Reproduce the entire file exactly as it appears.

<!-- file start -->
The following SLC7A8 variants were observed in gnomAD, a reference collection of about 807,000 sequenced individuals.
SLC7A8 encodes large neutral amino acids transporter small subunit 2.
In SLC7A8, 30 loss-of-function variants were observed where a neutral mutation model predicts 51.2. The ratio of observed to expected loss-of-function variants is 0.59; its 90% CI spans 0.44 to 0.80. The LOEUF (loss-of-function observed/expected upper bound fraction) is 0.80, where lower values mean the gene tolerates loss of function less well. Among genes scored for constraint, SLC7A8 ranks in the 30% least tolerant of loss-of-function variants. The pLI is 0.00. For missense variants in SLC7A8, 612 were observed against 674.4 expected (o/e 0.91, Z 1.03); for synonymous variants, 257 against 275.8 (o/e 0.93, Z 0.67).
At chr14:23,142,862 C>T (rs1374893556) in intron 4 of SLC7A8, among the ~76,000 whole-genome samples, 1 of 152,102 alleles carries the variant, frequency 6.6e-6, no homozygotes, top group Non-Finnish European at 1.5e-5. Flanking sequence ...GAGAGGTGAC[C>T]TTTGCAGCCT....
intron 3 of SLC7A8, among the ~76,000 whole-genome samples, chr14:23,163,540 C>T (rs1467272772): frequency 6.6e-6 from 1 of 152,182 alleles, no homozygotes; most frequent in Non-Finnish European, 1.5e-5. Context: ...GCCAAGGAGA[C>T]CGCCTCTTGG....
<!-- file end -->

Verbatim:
The following SLC7A8 variants were observed in gnomAD, a reference collection of about 807,000 sequenced individuals.
SLC7A8 encodes large neutral amino acids transporter small subunit 2.
In SLC7A8, 30 loss-of-function variants were observed where a neutral mutation model predicts 51.2. The ratio of observed to expected loss-of-function variants is 0.59; its 90% CI spans 0.44 to 0.80. The LOEUF (loss-of-function observed/expected upper bound fraction) is 0.80, where lower values mean the gene tolerates loss of function less well. Among genes scored for constraint, SLC7A8 ranks in the 30% least tolerant of loss-of-function variants. The pLI is 0.00. For missense variants in SLC7A8, 612 were observed against 674.4 expected (o/e 0.91, Z 1.03); for synonymous variants, 257 against 275.8 (o/e 0.93, Z 0.67).
At chr14:23,142,862 C>T (rs1374893556) in intron 4 of SLC7A8, among the ~76,000 whole-genome samples, 1 of 152,102 alleles carries the variant, frequency 6.6e-6, no homozygotes, top group Non-Finnish European at 1.5e-5. Flanking sequence ...GAGAGGTGAC[C>T]TTTGCAGCCT....
intron 3 of SLC7A8, among the ~76,000 whole-genome samples, chr14:23,163,540 C>T (rs1467272772): frequency 6.6e-6 from 1 of 152,182 alleles, no homozygotes; most frequent in Non-Finnish European, 1.5e-5. Context: ...GCCAAGGAGA[C>T]CGCCTCTTGG....